Medea and Other Plays : Medea/ Alcestis/The Children of Heracles/ Hippolytus "Alcestis", "Children of Heracles", "Hippolytus" Paperback
Previously published as Alcestis and Other Plays, the Penguin Classics edition of Euripides' Medea and Other Plays is translated by John Davie with introductions and notes by Richard Rutherford. Medea, in which a spurned woman takes revenge upon her lover by killing her children, is one of the most shocking of all the Greek tragedies.
Medea is a towering figure who demonstrates Euripides' unusual willingness to give voice to a woman's case.
Alcestis is based on a magical myth in which Death is overcome, and the Children of Heracles examines conflict between might and right, while Hippolytus deals with self-destructive integrity.
These plays show Euripides transforming awesome figures of Greek myths into recognisable, fallible human beings. John Davie's accessible prose translation is accompanied by a general introduction and individual prefaces to each play. Euripides (c.485-07 BC) was an Athenian born into a family of considerable rank.
Disdaining the public duties expected of him, Euripides spent a life of quiet introspection, spending much of his life in a cave on Salamis. Late in life he voluntarily exiled himself to the court of Archelaus, King of Macedon, where he wrote The Bacchae, regarded by many as his greatest work.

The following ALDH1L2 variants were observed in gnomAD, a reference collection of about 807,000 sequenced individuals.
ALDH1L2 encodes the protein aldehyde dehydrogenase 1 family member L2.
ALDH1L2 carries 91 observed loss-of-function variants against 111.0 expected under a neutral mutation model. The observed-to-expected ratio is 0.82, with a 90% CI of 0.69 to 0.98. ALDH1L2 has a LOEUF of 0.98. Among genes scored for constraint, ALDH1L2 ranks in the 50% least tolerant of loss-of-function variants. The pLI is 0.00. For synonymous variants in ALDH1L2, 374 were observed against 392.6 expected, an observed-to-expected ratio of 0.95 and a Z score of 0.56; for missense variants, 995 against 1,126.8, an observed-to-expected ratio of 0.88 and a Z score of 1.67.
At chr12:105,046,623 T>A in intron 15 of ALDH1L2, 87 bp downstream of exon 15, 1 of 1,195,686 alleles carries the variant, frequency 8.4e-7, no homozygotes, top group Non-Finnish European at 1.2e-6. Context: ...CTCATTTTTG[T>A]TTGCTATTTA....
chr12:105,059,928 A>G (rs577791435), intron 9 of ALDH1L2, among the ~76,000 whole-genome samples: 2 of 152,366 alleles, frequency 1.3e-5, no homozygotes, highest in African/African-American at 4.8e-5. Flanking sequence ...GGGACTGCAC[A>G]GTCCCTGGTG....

Euripides is thought to have written 92 plays, only 18 of which survive. If you enjoyed Medea and Other Plays, you might like Aeschylus' The Oresteia, also available in Penguin Classics. 'One of the best prose translations of Euripides I have seen' Robert Fagles 'John Davie's translations are outstanding.
The tone throughout is refreshingly modern yet dignified' William Allan, Classical Review
- Format: Paperback
- Pages: 256 pages, notes, bibliography, glossary
- Publisher: Penguin Books Ltd
- Publication Date: 27/03/2003
- Category: Plays, playscripts
- ISBN: 9780140449297
Showing 1 - 1 of 1 reviews.
Review by autumnleaving
I don't even remember which edition I read. One of the best things to come out of my experiences as an erstwhile Classical Studies minor is being introduced to the philosophies and tragedies that shaped Western Civ. as I know it now. Euripedes: you're a genius, is all I'm saying. The depth of a mother's love and the passion of a betrayed woman... Woosh!